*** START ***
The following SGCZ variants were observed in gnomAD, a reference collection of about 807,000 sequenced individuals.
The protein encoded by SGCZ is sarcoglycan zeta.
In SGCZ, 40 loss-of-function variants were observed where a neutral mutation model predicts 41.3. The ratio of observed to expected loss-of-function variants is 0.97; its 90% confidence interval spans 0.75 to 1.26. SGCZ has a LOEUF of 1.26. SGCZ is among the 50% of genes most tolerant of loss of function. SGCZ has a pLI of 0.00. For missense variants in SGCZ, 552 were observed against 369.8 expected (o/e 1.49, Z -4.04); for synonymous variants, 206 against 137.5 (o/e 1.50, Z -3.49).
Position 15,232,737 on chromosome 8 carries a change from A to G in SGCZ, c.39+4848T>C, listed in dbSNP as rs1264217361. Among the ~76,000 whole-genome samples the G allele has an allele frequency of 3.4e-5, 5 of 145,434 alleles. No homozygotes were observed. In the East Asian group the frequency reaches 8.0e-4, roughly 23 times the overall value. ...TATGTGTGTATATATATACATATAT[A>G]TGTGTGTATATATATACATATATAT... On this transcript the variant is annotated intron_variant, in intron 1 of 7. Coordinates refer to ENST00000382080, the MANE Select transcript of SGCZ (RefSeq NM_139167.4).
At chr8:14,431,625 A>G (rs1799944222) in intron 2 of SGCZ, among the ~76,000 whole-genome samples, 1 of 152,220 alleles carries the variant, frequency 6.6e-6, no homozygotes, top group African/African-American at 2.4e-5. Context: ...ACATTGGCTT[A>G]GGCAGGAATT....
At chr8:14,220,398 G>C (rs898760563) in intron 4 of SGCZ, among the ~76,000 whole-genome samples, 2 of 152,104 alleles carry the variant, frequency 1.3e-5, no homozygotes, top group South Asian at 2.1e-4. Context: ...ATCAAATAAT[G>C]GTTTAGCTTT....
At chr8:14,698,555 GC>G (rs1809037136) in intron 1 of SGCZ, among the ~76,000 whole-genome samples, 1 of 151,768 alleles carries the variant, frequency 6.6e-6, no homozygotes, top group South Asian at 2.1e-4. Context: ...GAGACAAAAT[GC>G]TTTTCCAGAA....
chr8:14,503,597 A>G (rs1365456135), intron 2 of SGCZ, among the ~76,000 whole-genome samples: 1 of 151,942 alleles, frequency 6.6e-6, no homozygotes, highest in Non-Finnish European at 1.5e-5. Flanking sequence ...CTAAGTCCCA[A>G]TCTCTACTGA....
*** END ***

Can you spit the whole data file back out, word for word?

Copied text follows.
The following SGCZ variants were observed in gnomAD, a reference collection of about 807,000 sequenced individuals.
The protein encoded by SGCZ is sarcoglycan zeta.
In SGCZ, 40 loss-of-function variants were observed where a neutral mutation model predicts 41.3. The ratio of observed to expected loss-of-function variants is 0.97; its 90% confidence interval spans 0.75 to 1.26. SGCZ has a LOEUF of 1.26. SGCZ is among the 50% of genes most tolerant of loss of function. SGCZ has a pLI of 0.00. For missense variants in SGCZ, 552 were observed against 369.8 expected (o/e 1.49, Z -4.04); for synonymous variants, 206 against 137.5 (o/e 1.50, Z -3.49).
Position 15,232,737 on chromosome 8 carries a change from A to G in SGCZ, c.39+4848T>C, listed in dbSNP as rs1264217361. Among the ~76,000 whole-genome samples the G allele has an allele frequency of 3.4e-5, 5 of 145,434 alleles. No homozygotes were observed. In the East Asian group the frequency reaches 8.0e-4, roughly 23 times the overall value. ...TATGTGTGTATATATATACATATAT[A>G]TGTGTGTATATATATACATATATAT... On this transcript the variant is annotated intron_variant, in intron 1 of 7. Coordinates refer to ENST00000382080, the MANE Select transcript of SGCZ (RefSeq NM_139167.4).
At chr8:14,431,625 A>G (rs1799944222) in intron 2 of SGCZ, among the ~76,000 whole-genome samples, 1 of 152,220 alleles carries the variant, frequency 6.6e-6, no homozygotes, top group African/African-American at 2.4e-5. Context: ...ACATTGGCTT[A>G]GGCAGGAATT....
At chr8:14,220,398 G>C (rs898760563) in intron 4 of SGCZ, among the ~76,000 whole-genome samples, 2 of 152,104 alleles carry the variant, frequency 1.3e-5, no homozygotes, top group South Asian at 2.1e-4. Context: ...ATCAAATAAT[G>C]GTTTAGCTTT....
At chr8:14,698,555 GC>G (rs1809037136) in intron 1 of SGCZ, among the ~76,000 whole-genome samples, 1 of 151,768 alleles carries the variant, frequency 6.6e-6, no homozygotes, top group South Asian at 2.1e-4. Context: ...GAGACAAAAT[GC>G]TTTTCCAGAA....
chr8:14,503,597 A>G (rs1365456135), intron 2 of SGCZ, among the ~76,000 whole-genome samples: 1 of 151,942 alleles, frequency 6.6e-6, no homozygotes, highest in Non-Finnish European at 1.5e-5. Flanking sequence ...CTAAGTCCCA[A>G]TCTCTACTGA....